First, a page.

Ministry details efforts to protect Indonesians from death penalty

Ministry details efforts to protect Indonesians from death penalty

A screenshot of director for the protection of citizens and legal entities overseas, Ministry of Foreign Affairs, Judha Nugraha on Monday (October 18, 2021). (ANTARA/Muhammad Zulfikar/rst)

Jakarta (ANTARA) - The Foreign Affairs Ministry has detailed efforts made by the government to protect Indonesian citizens (WNI) from the death penalty abroad.

"There are three principles that we adhere to protect Indonesian citizens which are regulated in the Minister of Foreign Affairs' Regulation Number 5 of 2018," Director for the Protection of Citizens and Legal Entities Overseas at the Ministry of Foreign Affairs, Judha Nugraha, said here on Monday.

The first is prioritizing the responsible parties, he said. Second, the government does not take any criminal or civil responsibility, he added. Lastly, the protection is provided in accordance with national law, local state law, and customary international law, he continued.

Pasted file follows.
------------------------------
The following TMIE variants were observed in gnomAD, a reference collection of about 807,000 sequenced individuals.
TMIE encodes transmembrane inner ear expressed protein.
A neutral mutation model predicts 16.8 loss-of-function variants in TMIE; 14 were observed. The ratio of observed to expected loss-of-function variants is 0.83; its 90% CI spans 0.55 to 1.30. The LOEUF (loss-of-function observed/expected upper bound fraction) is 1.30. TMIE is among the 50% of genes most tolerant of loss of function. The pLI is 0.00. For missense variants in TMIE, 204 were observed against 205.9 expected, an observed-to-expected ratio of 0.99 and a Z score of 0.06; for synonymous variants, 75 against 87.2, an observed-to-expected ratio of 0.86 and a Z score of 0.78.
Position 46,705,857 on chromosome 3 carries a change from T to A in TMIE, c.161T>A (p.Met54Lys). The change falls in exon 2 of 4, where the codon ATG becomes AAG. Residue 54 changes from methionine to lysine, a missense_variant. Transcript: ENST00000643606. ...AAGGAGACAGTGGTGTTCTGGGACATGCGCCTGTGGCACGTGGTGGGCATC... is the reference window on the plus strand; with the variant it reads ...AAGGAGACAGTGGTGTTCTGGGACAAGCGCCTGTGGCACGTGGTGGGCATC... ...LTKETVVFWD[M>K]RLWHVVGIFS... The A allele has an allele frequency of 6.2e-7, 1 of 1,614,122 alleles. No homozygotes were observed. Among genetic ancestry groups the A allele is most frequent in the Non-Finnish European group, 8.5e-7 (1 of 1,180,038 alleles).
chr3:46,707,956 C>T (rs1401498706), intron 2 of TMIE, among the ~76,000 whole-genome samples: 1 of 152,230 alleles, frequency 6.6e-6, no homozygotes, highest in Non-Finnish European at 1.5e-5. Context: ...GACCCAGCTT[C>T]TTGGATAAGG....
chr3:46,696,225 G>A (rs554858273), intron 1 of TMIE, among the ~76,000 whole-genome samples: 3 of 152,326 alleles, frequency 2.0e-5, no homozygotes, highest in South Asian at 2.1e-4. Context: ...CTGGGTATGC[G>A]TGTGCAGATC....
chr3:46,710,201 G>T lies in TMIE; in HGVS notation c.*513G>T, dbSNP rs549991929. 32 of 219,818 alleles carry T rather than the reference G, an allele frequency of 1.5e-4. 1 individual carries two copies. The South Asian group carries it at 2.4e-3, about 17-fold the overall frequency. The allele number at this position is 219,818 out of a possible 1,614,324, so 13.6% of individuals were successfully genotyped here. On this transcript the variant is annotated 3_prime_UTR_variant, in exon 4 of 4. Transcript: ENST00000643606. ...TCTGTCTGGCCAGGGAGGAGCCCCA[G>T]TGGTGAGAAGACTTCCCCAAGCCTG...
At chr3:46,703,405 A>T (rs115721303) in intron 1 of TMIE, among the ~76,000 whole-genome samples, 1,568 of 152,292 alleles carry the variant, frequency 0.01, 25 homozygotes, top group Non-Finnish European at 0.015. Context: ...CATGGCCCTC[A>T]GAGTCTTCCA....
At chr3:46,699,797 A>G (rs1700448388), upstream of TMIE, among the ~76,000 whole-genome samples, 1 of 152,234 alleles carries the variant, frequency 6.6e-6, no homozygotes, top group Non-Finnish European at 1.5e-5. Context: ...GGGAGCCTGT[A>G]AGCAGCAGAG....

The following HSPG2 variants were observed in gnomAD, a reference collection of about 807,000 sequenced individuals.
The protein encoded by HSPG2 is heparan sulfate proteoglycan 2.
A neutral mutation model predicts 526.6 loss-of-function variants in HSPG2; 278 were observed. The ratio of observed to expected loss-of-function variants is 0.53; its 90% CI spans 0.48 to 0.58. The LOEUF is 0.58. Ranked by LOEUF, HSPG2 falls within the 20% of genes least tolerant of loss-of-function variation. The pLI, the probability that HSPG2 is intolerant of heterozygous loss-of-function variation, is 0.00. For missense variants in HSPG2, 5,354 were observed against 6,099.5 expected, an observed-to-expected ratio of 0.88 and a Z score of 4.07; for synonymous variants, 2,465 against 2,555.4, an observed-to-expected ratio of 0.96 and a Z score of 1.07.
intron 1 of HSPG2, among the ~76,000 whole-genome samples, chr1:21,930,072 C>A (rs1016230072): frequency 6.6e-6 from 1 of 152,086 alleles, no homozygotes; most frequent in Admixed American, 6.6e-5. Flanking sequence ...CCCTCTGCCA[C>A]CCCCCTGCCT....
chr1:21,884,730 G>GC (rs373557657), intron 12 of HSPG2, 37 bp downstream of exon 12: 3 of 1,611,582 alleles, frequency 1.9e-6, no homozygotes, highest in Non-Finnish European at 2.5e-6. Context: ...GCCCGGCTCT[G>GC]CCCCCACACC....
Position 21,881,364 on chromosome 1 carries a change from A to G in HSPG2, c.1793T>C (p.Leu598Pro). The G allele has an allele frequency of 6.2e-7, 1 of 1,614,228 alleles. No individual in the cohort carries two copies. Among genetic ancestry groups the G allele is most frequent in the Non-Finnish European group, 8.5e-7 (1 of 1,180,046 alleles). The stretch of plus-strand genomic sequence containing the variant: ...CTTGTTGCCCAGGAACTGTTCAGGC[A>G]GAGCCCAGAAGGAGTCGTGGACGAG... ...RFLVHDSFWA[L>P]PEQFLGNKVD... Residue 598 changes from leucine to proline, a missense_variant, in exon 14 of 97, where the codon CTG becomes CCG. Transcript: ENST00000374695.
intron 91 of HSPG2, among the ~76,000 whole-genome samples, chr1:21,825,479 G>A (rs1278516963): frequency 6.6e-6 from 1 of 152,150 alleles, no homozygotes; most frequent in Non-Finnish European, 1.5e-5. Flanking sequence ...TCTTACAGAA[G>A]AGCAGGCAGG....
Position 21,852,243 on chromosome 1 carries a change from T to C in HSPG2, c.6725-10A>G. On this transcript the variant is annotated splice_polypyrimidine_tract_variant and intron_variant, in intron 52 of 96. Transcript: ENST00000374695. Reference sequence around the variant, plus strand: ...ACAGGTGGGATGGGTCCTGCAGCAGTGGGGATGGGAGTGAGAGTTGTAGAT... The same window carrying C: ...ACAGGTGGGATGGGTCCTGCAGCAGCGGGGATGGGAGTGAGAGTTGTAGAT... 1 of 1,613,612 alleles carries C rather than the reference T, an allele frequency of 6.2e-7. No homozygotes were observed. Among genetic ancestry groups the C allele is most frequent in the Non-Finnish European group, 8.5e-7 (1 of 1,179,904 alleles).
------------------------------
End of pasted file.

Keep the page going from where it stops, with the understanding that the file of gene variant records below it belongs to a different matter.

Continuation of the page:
"We do not give impunity to our citizens who commit crimes abroad, but the duty of our state is to provide legal assistance," Nugraha remarked.

The legal assistance is intended to ensure Indonesian citizens facing legal action in other countries have fair access to their rights, he said.

Efforts to protect Indonesian citizens from the death penalty in foreign countries also depend on the country imposing the sentence, he added. For example, Saudi Arabia and Middle Eastern countries usually refer to Islamic law, he explained.

"In Islamic countries, there are three types of murder cases, namely hadd, takzir, and kisas," Nugraha said.

However, murder cases in those countries are generally included in kisas, he added. For kisas, there is an apology mechanism that is carried out or given by the victim's family, he elaborated.

In addition, the state has also made a number of other efforts to help Indonesian citizens in foreign countries encountering problems with the law through litigation and non-litigation steps, he said.

Legal efforts taken include consular access, appointment of lawyers and translators, and other efforts according to the law in the local country, he informed.

Diplomatic efforts include diplomacy at the bilateral level through lobbying or diplomatic notes and approaching the sultan or the local state government, he said.

The government can also approach the victim's family, provide moral support, and campaign for public awareness, he added.

Related news: Death penalty is worst-case scenario of discrimination against women
Related news: Death penalty highest form of violence against women: Komnas Perempuan
Related news: Indonesian repatriated after Malaysian court overturns death penalty


Comments